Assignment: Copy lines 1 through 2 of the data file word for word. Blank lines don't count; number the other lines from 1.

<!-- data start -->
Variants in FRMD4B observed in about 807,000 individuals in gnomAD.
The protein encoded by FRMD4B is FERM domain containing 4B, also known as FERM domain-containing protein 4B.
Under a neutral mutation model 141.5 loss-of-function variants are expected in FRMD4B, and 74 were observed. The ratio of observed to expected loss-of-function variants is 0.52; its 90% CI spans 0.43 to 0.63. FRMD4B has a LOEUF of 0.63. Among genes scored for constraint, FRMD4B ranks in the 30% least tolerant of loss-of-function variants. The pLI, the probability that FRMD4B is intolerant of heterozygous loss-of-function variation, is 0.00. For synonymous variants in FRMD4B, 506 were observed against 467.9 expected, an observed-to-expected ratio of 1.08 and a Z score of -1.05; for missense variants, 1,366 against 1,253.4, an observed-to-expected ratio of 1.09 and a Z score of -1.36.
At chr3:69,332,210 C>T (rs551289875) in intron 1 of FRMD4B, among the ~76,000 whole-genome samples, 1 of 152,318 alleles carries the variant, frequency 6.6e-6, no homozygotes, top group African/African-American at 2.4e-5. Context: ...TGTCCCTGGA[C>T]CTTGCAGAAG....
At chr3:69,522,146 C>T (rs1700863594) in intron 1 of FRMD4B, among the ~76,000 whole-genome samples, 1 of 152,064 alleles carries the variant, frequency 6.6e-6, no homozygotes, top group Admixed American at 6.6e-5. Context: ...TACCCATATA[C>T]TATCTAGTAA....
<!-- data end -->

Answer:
Variants in FRMD4B observed in about 807,000 individuals in gnomAD.
The protein encoded by FRMD4B is FERM domain containing 4B, also known as FERM domain-containing protein 4B.